Elder Gong Shares How Teachers—Like Jesus—Can “Nourish” Others

Contributed By Marianne Holman Prescott, Church News staff writer

  • 17 February 2017

Elder Gerrit W. Gong of the Presidency of the Seventy speaks during the Church Educational System’s annual “An Evening with a General Authority” devotional held February 17.

Article Highlights

  • Begin with compassion; conclude with kindness.
  • Begin with what we have and who we are now.
  • Be organized and act orderly.
  • Express gratitude.
  • Learn to receive and give, teach and be taught.
  • Reach the whole as well as the one.
  • Seek revelation.

“Spirit-filled teaching comes back as bread upon the water—like loaves and fishes, with more than we began.” —Elder Gerrit W. Gong of the Presidency of the Seventy

“An increased appreciation of our Savior’s ministry will draw us, our families, and students closer to Him,” Elder Gerrit W. Gong of the Presidency of the Seventy said during the Church Educational System’s annual “An Evening with a General Authority” devotional February 17.


Held in the Tabernacle on Temple Square, the event brought seminary and institute instructors and personnel together in downtown Salt Lake City and throughout the world via broadcast. Joining Elder Gong on the program was Elder Kim B. Clark, a General Authority Seventy and Commissioner of the Educational System for the Church. A choir comprised of Church Educational System employees and their spouses from the Utah Salt Lake Valley area provided music during the event.

“In a world full of thorns and thistles, the Savior blesses us with manna—daily bread—His sacramental promise that we might have life, hope, joy, and have them more abundantly,” Elder Gong said.

Drawing from the New Testament, Elder Gong showed a video recounting the experience of the Savior, “the Bread of Life,” feeding the multitude with only a few loaves and fishes.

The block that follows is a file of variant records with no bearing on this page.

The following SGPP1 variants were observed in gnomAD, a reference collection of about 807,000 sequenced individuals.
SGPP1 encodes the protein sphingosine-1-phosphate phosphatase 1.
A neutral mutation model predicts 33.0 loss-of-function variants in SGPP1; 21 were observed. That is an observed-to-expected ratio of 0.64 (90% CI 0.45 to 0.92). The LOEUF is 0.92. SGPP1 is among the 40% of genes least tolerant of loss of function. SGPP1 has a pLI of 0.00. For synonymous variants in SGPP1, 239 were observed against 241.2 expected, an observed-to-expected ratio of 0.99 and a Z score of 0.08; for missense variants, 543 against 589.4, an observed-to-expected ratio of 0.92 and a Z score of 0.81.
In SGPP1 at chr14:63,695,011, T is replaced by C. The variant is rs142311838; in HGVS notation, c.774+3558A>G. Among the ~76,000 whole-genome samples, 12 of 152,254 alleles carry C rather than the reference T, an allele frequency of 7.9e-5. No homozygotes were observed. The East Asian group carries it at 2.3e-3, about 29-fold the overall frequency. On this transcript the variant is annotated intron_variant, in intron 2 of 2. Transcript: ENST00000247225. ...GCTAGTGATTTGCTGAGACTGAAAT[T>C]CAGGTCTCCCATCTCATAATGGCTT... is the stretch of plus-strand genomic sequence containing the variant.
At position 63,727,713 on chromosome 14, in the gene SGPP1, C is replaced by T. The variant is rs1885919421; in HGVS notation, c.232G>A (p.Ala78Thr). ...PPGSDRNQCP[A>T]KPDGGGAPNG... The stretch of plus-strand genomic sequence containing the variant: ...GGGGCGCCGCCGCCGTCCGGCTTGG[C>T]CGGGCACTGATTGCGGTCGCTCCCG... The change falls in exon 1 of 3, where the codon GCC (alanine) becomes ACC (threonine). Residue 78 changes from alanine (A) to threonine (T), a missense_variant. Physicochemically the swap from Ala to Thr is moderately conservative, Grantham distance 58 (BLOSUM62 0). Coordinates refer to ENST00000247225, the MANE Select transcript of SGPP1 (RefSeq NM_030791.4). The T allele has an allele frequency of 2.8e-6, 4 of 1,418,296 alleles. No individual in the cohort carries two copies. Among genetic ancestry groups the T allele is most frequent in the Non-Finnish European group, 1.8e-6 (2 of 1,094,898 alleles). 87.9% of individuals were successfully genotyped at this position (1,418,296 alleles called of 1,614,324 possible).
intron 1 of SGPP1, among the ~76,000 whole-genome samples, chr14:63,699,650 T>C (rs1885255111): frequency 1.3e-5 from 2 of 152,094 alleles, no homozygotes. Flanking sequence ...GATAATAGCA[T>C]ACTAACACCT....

“What did you notice, feel, and learn as Jesus Christ feeds each of us, and all of us?” Elder Gong asked. “Were the loaves like manna, sweet as coriander and honey? How did two small fishes feed us—fill us—all?”

Elder Gong shared nine things to help a person better understand, draw closer, and become more like the Savior.

1. Our Savior is moved with compassion.

“Many of our Savior’s miracles begin with His understanding and compassion,” Elder Gong said. “Our Savior knows our hearts and circumstances. He is filled with compassion for our hopes and hurts, our desires and needs.”

Sharing examples of the Savior found in the scriptures, Elder Gong spoke of the Savior’s ability to receive, teach, and heal people.

“Through His ministry our Savior is moved by compassion—compassion for the leper, compassion for the man’s son possessed with a foul spirit, compassion for a widowed mother whose only son had died. Our Savior teaches us to be like the good Samaritan who had compassion on the man wounded and left for dead. … Our Savior begins with compassion. He concludes with gracious kindness.”

2. Our Savior starts with what they have.

Elder Gerrit W. Gong of the Presidency of the Seventy brings bread to his talk during “An Evening with a General Authority” at the Tabernacle on Temple Square in Salt Lake City on Friday, February 17, 2017. Elder Gong said, “Perhaps because all people everywhere understand and depend on bread, our Savior declared, ‘I am the bread of life.’” Photo by Laura Seitz, Deseret News.

“Wanting to feed the multitude, our Savior starts by asking His disciples what they have,” he said. “He is Creator of the world, Lord of heaven and earth, yet He starts with what they have, from where they are.”

The Savior is able to take what a person has and make it enough.